If you had your head cut off, you’d likely be pretty mad — if you weren’t also pretty dead. You may “run around like a chicken with its head cut off,” which means you’re running around without purpose or reason, or you can be “as mad as a wet hen.” But even chickens can’t express emotions without heads.
Assuring someone that you are unbothered by a task by saying “It’s no skin off my teeth” is bound to get you a funny look. This malaphor combined two sayings with unpleasant images: “No skin off my nose,” and “by the skin of my teeth,” which describes a narrow escape. Neither of them make a lot of sense out of context anyway, let alone as a mixed metaphor.
Some malaphors sound so correct that it’s hard to fix them. By combining “One man’s trash is another man’s treasure” (what’s not valuable to someone may be quite valuable to someone else) and “Another day, another dollar” (today was tedious but at least there’s a small benefit), you get a mixed metaphor that sounds almost good enough to pass.
When it’s time to receive consequences for an action, it’s “time to pay the piper.” So how do you pay him? Not by robbing Peter — you “rob Peter to pay Paul,” meaning that you take one debt just to fulfill another. The piper’s going to have to find his money elsewhere.
Raise your hand if you’re guilty of this one. An awkward topic that you don’t want to discuss is “the elephant in the room,” no color specified. The phrase “pink elephants” is a euphemism for being very drunk, as in “I’m seeing pink elephants tonight.” (If the elephant in the room is that someone is uncomfortably drunk, that might actually be a “pink elephant in the room,” but only then.)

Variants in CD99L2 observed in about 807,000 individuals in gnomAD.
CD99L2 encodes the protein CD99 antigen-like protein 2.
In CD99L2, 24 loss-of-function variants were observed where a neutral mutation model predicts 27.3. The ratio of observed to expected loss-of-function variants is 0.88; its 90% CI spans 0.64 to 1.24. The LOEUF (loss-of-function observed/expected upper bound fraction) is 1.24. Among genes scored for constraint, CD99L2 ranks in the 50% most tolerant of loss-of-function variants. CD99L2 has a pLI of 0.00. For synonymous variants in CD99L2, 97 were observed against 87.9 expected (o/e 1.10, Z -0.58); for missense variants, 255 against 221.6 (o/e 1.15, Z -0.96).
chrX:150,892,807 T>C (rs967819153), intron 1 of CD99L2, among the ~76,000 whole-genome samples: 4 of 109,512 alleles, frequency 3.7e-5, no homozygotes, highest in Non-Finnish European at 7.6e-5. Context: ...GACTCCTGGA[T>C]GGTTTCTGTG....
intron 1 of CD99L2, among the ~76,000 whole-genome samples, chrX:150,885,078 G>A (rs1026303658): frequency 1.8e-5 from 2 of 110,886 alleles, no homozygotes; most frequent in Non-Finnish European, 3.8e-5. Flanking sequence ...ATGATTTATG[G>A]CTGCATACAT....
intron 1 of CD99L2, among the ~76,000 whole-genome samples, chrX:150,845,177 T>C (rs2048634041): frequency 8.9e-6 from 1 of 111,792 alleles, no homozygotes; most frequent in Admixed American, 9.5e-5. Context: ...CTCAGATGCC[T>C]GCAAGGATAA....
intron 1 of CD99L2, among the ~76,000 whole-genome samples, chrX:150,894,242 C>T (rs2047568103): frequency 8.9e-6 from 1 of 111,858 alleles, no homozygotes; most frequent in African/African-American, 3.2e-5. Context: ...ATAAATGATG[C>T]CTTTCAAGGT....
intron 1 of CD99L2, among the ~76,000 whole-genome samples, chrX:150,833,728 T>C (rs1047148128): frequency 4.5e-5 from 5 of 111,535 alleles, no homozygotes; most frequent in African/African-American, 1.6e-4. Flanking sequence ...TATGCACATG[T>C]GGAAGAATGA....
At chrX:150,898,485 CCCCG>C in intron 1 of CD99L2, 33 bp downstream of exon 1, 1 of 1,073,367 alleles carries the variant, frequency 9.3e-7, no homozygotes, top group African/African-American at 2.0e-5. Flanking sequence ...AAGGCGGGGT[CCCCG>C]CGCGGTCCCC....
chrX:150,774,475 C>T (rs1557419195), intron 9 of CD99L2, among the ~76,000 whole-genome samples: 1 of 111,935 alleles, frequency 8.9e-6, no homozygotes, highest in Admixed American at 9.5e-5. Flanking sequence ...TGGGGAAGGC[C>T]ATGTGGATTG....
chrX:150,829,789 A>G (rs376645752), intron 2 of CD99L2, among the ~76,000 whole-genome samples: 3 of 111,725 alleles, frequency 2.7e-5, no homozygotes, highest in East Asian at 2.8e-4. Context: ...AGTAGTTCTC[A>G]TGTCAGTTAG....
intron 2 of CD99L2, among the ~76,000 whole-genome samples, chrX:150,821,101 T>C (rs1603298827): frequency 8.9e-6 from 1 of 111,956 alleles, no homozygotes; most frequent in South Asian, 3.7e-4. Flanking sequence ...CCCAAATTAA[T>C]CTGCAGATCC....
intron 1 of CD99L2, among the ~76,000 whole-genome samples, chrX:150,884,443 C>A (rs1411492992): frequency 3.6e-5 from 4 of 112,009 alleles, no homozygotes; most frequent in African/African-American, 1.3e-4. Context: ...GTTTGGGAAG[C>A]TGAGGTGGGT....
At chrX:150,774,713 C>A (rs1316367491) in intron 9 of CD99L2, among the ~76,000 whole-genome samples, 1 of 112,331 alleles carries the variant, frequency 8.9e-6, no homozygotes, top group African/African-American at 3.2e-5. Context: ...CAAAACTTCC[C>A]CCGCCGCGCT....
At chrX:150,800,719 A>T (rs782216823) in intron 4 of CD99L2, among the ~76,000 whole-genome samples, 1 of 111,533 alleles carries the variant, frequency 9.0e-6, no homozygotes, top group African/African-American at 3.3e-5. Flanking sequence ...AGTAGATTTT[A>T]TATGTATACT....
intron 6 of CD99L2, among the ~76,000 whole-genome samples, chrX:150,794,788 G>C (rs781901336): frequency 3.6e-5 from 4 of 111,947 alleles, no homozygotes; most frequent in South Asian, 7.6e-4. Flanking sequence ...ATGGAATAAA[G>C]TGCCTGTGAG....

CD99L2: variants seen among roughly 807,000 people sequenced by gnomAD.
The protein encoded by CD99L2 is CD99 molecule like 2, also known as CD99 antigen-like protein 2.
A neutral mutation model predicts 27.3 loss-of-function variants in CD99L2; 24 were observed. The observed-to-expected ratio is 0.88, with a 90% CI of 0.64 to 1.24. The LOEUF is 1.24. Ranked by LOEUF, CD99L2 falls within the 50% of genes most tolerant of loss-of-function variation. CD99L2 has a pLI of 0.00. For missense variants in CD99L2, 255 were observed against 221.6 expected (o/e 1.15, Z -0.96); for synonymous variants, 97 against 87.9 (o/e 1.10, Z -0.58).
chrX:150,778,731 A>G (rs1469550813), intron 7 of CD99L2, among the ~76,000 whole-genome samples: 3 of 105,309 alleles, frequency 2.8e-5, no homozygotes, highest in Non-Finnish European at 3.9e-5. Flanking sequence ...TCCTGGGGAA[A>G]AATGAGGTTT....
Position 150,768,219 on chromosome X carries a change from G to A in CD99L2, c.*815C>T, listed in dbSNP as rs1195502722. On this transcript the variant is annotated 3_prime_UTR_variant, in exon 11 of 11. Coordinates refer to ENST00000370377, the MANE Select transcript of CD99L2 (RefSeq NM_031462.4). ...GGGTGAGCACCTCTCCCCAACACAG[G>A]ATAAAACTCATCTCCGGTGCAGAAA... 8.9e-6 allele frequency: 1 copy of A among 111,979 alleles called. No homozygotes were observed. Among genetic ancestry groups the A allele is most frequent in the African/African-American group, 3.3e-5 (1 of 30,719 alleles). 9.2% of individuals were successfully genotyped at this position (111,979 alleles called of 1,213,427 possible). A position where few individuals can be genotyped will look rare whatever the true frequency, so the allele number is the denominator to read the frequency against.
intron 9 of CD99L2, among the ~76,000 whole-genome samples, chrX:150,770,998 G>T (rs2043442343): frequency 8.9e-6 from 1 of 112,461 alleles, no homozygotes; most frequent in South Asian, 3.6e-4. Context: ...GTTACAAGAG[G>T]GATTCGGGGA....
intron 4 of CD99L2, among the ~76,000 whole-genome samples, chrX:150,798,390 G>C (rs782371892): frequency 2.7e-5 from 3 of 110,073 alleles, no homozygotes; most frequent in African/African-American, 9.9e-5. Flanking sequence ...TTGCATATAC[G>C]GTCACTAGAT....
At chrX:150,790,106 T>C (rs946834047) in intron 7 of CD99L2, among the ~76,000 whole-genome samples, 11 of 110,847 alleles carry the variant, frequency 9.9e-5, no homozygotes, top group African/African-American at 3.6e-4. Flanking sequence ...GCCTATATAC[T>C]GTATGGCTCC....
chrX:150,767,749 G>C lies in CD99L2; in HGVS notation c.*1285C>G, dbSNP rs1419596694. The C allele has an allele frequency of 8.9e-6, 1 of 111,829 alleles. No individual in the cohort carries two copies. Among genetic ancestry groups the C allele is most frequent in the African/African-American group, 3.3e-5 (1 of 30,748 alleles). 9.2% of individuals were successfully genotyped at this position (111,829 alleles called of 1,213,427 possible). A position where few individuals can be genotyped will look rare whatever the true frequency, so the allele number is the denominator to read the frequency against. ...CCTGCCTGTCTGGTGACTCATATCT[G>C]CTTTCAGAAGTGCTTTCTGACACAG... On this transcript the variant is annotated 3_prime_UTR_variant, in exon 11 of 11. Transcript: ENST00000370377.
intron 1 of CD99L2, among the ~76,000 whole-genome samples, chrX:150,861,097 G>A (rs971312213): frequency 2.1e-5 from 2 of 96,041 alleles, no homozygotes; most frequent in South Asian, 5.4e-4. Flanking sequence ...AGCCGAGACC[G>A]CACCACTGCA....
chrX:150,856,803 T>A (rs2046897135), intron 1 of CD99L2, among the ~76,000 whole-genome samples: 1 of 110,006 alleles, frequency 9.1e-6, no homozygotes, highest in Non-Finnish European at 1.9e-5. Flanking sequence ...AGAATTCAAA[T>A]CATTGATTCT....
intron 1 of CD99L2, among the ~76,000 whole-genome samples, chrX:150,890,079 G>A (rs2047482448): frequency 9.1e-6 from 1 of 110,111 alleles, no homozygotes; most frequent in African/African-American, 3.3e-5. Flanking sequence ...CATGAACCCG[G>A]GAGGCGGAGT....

While this malaphor evokes a pleasant image of Satan mowing a well-manicured lawn, it’s not a real saying. It confuses “The road to Hell is paved with good intentions,” meaning that people who don’t act on their nice thoughts cause more harm than good, and “The grass is greener on the other side,” which means that other situations always look better than your own.
Ships can sail away, and trains can leave the station. Both symbolize the act of moving on — which is why the malaphor mixes up “The train has left the station” and “That ship has sailed.” The slightly less popular (but possibly funnier) version of the malaphor is “That train has sailed,” popularized by the immortal Austin Powers.
Why would you approach a bridge just to burn it? It doesn’t make sense, and neither does combining “We’ll cross that bridge when we come to it” (we’ll solve that problem as it arises) and “Don’t burn your bridges behind you” (don’t destroy relationships; you may need to return to them).
Hey, you got a gift horse! Why won’t it drink? Because “you can lead a horse to water, but you can’t make it drink,” meaning that you can inspire someone to do something but you can’t force them to do it. The gift part comes from another saying, “Don’t look a gift horse in the mouth,” which means you shouldn’t criticize a generous gesture.
Idioms are, arguably, the best part of any language. Now that you’ve got your English idioms straight, check out: